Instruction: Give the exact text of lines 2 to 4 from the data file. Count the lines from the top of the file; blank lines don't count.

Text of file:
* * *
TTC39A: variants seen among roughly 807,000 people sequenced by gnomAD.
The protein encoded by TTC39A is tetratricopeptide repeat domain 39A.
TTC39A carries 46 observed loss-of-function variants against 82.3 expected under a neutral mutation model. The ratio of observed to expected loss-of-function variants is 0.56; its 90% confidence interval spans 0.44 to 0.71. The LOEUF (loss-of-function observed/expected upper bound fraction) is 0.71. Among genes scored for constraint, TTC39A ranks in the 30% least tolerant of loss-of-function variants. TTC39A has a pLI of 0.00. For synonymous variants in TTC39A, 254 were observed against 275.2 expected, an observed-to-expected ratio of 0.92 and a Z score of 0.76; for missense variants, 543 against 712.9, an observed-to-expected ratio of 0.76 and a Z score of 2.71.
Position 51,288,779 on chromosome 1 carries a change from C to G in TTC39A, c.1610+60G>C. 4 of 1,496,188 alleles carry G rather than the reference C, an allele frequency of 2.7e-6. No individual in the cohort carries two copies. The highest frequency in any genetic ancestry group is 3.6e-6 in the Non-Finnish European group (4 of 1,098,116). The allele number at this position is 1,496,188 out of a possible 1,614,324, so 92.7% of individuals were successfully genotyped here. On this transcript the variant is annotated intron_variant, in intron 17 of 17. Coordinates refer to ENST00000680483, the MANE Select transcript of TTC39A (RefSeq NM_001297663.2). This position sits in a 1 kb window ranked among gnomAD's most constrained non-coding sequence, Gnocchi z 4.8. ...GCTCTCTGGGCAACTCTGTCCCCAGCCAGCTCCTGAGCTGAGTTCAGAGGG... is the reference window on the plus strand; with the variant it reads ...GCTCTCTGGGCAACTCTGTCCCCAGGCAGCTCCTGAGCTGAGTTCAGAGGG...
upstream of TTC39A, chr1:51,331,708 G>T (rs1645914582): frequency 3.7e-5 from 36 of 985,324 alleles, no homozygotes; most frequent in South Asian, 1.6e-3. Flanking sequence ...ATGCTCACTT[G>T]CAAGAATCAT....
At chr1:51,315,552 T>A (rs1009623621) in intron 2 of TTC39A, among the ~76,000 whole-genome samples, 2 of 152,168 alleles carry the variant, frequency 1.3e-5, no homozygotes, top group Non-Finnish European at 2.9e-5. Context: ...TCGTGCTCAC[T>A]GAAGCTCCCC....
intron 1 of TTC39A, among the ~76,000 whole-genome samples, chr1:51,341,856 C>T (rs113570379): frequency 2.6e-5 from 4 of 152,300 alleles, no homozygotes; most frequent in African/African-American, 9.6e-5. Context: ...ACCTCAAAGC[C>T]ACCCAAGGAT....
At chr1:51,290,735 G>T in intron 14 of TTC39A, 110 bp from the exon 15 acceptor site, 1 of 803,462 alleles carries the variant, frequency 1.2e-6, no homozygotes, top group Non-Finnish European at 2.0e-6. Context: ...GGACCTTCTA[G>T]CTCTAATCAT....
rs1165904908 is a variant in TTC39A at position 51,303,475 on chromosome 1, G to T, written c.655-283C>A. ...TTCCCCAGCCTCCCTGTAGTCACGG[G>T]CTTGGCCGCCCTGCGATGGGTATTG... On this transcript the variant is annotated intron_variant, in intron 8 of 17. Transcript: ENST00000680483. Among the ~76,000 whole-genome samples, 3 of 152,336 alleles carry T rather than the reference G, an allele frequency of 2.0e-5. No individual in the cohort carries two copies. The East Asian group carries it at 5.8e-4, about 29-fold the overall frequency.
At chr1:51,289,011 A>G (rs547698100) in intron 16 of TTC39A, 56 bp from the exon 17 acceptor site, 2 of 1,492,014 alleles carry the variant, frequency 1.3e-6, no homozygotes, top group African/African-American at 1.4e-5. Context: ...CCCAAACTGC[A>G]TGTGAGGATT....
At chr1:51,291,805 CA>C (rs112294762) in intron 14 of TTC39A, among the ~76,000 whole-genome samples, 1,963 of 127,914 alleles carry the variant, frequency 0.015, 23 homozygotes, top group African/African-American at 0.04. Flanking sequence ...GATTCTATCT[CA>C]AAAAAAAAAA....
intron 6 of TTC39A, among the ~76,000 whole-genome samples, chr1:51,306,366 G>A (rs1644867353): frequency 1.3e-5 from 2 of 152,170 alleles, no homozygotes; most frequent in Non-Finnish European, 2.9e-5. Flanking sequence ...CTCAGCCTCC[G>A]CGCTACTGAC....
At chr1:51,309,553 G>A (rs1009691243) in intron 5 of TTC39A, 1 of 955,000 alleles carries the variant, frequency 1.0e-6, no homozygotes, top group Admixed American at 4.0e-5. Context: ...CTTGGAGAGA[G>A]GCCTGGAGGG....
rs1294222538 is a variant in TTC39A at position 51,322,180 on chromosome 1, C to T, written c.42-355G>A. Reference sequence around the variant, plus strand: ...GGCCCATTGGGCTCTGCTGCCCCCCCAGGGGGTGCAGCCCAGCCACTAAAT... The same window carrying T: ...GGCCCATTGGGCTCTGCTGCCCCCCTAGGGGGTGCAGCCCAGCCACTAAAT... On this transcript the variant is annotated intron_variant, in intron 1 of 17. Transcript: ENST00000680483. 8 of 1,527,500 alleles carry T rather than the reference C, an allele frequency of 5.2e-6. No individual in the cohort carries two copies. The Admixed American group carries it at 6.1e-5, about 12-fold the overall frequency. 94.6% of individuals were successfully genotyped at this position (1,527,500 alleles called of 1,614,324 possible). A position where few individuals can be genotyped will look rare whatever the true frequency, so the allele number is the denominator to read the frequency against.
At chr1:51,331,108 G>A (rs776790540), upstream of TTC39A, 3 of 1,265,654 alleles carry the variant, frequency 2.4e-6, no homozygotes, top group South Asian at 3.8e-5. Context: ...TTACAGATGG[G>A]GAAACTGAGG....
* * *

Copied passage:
The protein encoded by TTC39A is tetratricopeptide repeat domain 39A.
TTC39A carries 46 observed loss-of-function variants against 82.3 expected under a neutral mutation model. The ratio of observed to expected loss-of-function variants is 0.56; its 90% confidence interval spans 0.44 to 0.71. The LOEUF (loss-of-function observed/expected upper bound fraction) is 0.71. Among genes scored for constraint, TTC39A ranks in the 30% least tolerant of loss-of-function variants. TTC39A has a pLI of 0.00. For synonymous variants in TTC39A, 254 were observed against 275.2 expected, an observed-to-expected ratio of 0.92 and a Z score of 0.76; for missense variants, 543 against 712.9, an observed-to-expected ratio of 0.76 and a Z score of 2.71.
Position 51,288,779 on chromosome 1 carries a change from C to G in TTC39A, c.1610+60G>C. 4 of 1,496,188 alleles carry G rather than the reference C, an allele frequency of 2.7e-6. No individual in the cohort carries two copies. The highest frequency in any genetic ancestry group is 3.6e-6 in the Non-Finnish European group (4 of 1,098,116). The allele number at this position is 1,496,188 out of a possible 1,614,324, so 92.7% of individuals were successfully genotyped here. On this transcript the variant is annotated intron_variant, in intron 17 of 17. Coordinates refer to ENST00000680483, the MANE Select transcript of TTC39A (RefSeq NM_001297663.2). This position sits in a 1 kb window ranked among gnomAD's most constrained non-coding sequence, Gnocchi z 4.8. ...GCTCTCTGGGCAACTCTGTCCCCAGCCAGCTCCTGAGCTGAGTTCAGAGGG... is the reference window on the plus strand; with the variant it reads ...GCTCTCTGGGCAACTCTGTCCCCAGGCAGCTCCTGAGCTGAGTTCAGAGGG...